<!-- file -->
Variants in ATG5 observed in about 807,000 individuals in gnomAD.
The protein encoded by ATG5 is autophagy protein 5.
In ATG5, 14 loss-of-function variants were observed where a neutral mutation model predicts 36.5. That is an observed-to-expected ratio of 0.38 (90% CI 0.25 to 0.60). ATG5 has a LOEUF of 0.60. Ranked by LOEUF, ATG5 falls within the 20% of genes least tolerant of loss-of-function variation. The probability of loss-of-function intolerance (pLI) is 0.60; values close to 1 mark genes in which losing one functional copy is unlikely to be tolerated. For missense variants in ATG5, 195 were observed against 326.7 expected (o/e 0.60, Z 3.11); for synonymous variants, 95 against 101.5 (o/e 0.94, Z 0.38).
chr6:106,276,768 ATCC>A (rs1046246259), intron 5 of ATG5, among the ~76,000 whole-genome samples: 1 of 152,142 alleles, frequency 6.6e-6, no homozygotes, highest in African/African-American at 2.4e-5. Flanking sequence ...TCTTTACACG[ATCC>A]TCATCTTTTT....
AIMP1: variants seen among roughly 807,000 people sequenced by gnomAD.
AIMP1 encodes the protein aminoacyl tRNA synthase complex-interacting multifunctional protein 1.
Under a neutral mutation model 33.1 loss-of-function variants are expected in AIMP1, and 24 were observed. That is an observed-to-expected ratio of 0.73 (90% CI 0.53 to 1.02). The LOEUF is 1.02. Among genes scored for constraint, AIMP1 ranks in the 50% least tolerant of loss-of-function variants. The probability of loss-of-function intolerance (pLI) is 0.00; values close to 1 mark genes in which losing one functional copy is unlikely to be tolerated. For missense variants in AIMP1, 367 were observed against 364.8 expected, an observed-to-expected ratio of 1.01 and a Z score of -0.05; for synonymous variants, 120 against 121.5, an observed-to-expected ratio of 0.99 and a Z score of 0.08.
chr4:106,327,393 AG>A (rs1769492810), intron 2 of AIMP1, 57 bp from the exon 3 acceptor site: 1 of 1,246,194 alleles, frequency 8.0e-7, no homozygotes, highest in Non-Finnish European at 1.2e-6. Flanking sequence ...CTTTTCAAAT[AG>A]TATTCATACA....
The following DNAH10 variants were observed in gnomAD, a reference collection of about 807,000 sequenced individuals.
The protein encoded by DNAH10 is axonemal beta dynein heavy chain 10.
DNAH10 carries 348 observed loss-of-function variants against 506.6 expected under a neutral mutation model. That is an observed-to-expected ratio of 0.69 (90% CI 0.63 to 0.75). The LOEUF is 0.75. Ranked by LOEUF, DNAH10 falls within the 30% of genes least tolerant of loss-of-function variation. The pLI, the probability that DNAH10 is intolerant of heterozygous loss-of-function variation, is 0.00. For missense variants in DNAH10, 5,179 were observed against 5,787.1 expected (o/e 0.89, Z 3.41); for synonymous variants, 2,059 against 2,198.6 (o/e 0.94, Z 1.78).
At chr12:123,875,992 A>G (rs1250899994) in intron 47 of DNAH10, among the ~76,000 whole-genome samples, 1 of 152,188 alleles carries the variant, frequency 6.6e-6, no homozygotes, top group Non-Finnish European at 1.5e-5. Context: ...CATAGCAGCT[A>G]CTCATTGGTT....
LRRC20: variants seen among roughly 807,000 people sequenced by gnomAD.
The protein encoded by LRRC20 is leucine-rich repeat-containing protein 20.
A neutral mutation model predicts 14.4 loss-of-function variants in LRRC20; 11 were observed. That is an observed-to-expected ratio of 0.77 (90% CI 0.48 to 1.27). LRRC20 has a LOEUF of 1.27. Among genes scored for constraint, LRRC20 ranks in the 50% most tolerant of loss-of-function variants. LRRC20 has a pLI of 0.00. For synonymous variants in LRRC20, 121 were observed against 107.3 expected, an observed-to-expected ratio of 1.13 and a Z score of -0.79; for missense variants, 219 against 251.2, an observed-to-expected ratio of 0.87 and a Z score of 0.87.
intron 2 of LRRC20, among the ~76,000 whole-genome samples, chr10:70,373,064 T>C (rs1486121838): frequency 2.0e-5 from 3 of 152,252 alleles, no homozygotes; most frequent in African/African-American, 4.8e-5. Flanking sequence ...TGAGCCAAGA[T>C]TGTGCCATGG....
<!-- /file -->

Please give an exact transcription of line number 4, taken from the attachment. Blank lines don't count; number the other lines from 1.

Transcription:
chr6:106,276,768 ATCC>A (rs1046246259), intron 5 of ATG5, among the ~76,000 whole-genome samples: 1 of 152,142 alleles, frequency 6.6e-6, no homozygotes, highest in African/African-American at 2.4e-5. Flanking sequence ...TCTTTACACG[ATCC>A]TCATCTTTTT....